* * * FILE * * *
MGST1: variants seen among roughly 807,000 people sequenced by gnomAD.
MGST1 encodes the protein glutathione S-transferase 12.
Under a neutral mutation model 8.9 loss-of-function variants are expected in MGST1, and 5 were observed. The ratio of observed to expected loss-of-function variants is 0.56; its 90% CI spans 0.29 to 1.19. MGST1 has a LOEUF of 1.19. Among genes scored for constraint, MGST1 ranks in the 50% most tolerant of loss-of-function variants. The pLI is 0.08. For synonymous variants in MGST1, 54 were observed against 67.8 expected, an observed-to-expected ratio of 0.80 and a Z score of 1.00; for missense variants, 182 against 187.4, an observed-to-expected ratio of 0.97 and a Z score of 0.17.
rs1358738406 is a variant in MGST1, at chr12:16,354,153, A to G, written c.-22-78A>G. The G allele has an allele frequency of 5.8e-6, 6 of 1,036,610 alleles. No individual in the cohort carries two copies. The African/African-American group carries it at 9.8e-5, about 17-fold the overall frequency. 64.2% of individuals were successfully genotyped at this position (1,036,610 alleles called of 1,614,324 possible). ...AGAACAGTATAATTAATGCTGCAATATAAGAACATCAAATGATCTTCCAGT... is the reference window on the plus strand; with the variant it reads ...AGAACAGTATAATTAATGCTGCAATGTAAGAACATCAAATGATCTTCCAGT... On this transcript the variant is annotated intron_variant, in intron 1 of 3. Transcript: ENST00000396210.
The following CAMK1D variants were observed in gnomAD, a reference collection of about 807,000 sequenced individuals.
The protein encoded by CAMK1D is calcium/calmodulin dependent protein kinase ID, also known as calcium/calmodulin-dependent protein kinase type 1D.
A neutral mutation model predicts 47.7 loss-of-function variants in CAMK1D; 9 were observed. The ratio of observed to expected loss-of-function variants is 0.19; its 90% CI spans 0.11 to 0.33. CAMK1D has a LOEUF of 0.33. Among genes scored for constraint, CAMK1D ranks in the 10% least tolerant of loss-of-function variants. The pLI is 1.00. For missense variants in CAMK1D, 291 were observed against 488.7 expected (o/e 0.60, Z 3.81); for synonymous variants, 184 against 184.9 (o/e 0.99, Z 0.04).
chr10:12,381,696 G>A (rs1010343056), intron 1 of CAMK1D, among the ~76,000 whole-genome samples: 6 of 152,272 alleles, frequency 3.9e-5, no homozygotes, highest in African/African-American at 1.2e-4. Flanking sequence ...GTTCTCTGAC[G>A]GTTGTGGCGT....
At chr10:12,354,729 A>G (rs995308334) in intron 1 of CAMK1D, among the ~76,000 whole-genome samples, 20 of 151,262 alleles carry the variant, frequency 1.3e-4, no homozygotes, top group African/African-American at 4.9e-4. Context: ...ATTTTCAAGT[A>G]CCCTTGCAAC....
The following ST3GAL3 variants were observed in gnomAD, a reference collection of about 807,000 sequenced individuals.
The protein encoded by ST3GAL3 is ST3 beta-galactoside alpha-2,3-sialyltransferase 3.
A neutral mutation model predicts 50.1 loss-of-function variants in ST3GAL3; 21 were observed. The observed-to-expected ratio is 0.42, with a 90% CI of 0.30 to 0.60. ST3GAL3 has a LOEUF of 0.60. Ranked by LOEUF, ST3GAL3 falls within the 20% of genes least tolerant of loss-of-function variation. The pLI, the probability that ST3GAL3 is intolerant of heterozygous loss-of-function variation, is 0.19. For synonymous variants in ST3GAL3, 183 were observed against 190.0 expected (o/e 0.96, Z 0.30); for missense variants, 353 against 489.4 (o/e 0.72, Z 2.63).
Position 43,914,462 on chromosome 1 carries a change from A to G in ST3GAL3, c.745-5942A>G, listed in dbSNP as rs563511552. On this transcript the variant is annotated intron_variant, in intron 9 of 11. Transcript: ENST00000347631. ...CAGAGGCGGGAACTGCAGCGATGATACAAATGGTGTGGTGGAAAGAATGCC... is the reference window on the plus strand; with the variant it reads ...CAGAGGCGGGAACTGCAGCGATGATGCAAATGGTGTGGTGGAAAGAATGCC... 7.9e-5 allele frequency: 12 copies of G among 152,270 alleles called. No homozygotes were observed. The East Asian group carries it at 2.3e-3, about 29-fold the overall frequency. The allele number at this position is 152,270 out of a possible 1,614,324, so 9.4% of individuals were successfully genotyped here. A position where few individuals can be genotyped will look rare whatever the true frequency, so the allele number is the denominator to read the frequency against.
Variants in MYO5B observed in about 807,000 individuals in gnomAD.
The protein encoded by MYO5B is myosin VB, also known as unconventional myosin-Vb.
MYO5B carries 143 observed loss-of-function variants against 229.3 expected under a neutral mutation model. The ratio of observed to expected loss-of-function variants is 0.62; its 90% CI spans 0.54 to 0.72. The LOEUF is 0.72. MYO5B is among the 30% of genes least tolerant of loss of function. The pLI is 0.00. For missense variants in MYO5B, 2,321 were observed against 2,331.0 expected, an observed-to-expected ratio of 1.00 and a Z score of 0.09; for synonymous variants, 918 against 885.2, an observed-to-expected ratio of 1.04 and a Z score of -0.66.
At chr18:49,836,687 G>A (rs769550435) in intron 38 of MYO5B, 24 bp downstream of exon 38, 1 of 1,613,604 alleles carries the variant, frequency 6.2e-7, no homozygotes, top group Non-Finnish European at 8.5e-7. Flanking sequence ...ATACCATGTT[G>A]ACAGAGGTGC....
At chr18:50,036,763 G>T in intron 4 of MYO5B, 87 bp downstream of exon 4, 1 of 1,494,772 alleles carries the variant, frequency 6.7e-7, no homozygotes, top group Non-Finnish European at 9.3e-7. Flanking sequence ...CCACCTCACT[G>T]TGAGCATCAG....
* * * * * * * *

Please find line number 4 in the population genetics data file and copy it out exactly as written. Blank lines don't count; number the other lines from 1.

rs1358738406 is a variant in MGST1, at chr12:16,354,153, A to G, written c.-22-78A>G. The G allele has an allele frequency of 5.8e-6, 6 of 1,036,610 alleles. No individual in the cohort carries two copies. The African/African-American group carries it at 9.8e-5, about 17-fold the overall frequency. 64.2% of individuals were successfully genotyped at this position (1,036,610 alleles called of 1,614,324 possible). ...AGAACAGTATAATTAATGCTGCAATATAAGAACATCAAATGATCTTCCAGT... is the reference window on the plus strand; with the variant it reads ...AGAACAGTATAATTAATGCTGCAATGTAAGAACATCAAATGATCTTCCAGT... On this transcript the variant is annotated intron_variant, in intron 1 of 3. Transcript: ENST00000396210.